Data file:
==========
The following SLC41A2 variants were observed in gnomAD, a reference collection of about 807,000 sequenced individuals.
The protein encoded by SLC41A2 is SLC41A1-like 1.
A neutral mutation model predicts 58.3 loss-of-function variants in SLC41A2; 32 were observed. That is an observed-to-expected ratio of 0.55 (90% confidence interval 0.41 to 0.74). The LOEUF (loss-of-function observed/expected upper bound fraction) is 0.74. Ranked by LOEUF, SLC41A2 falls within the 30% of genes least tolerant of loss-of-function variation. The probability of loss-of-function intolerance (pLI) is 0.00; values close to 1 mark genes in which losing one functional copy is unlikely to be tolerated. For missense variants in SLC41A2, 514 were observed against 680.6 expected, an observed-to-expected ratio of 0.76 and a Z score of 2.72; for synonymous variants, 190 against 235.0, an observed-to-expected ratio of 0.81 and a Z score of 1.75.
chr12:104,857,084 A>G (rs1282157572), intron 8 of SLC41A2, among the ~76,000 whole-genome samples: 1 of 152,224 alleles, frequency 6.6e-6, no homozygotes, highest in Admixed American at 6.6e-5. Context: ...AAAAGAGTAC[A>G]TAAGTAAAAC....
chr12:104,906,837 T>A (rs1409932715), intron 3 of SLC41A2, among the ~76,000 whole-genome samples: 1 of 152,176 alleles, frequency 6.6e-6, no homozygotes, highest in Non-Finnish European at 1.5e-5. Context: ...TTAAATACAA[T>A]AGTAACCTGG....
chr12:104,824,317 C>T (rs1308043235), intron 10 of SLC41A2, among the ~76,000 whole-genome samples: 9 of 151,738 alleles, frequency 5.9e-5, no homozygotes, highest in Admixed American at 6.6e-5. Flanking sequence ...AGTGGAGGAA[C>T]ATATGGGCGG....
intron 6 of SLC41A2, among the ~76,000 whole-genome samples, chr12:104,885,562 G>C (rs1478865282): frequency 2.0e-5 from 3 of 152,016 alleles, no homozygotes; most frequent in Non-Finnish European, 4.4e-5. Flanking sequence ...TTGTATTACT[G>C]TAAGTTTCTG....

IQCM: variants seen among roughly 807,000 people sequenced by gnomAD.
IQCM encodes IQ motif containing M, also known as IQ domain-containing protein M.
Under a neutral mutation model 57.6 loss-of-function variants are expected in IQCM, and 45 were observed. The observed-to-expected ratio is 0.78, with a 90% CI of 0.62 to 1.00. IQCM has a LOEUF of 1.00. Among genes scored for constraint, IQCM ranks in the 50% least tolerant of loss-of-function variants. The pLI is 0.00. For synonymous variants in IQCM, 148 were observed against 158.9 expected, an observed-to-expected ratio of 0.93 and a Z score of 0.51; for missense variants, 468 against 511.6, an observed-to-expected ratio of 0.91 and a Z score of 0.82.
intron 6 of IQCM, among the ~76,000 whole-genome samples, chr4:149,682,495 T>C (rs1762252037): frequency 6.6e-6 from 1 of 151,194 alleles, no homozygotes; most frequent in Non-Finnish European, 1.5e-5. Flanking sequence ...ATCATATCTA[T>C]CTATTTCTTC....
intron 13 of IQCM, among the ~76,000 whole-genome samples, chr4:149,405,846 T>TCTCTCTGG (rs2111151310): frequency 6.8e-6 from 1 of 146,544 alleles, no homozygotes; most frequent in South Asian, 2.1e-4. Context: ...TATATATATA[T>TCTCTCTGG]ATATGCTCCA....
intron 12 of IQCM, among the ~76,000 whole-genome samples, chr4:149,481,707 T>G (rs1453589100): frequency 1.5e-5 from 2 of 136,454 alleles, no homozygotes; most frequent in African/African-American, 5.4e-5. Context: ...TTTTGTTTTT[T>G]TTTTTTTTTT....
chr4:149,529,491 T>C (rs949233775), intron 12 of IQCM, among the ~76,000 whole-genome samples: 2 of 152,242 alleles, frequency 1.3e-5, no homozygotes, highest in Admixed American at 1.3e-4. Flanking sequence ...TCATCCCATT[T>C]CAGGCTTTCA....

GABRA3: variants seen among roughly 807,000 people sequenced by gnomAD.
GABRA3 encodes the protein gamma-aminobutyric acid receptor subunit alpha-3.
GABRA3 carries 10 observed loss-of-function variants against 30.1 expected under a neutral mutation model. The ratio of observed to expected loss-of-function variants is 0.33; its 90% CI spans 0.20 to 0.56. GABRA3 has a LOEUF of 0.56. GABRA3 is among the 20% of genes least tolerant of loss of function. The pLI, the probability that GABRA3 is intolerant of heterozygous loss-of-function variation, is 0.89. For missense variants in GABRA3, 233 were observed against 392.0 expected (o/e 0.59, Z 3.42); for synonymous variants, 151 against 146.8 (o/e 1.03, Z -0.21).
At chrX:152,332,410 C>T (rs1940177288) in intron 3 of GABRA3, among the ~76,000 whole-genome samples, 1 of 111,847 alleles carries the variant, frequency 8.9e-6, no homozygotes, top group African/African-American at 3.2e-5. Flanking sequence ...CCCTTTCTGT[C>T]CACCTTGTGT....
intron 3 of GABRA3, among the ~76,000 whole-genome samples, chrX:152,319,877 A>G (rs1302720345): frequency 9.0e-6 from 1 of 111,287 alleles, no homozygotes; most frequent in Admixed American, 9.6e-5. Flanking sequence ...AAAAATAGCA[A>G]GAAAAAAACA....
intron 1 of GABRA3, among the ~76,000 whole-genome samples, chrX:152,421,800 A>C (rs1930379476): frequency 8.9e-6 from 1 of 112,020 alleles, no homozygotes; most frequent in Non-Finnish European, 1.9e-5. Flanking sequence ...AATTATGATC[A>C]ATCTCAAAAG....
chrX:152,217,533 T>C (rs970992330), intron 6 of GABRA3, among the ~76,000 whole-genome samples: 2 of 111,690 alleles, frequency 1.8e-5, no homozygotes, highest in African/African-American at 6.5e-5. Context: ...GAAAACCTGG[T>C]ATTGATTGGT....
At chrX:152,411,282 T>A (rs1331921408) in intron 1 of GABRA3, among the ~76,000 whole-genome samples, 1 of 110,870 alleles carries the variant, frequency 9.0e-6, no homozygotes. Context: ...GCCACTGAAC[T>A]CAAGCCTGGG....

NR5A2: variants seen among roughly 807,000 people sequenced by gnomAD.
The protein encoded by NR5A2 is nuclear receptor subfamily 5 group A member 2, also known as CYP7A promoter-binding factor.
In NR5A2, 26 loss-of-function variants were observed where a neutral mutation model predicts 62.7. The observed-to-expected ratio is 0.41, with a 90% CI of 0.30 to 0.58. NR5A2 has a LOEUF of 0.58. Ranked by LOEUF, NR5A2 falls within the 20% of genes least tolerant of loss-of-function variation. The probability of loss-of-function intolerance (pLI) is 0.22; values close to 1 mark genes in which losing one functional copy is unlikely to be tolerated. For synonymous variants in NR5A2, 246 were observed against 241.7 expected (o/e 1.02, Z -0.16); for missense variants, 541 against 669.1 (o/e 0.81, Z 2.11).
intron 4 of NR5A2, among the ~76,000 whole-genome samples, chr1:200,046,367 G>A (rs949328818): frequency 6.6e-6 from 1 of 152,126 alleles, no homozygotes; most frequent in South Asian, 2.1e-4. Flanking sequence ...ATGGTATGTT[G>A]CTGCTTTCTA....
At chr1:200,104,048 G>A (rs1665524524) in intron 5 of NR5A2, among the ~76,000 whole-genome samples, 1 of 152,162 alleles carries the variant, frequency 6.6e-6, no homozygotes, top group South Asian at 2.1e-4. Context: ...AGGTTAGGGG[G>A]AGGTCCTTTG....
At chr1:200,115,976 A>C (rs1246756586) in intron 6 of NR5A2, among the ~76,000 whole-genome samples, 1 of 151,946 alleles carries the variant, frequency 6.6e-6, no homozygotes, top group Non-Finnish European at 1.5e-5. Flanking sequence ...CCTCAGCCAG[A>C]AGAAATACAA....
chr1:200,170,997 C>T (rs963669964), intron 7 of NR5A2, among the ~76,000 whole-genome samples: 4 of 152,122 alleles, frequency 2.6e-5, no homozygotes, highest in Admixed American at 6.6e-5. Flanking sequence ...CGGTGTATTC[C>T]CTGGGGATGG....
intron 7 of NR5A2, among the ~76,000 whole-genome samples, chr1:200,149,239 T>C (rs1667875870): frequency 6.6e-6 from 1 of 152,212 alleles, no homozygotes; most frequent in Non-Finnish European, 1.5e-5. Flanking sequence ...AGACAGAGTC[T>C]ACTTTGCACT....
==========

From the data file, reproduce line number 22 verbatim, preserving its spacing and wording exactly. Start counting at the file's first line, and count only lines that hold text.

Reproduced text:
At chrX:152,411,282 T>A (rs1331921408) in intron 1 of GABRA3, among the ~76,000 whole-genome samples, 1 of 110,870 alleles carries the variant, frequency 9.0e-6, no homozygotes. Context: ...GCCACTGAAC[T>A]CAAGCCTGGG....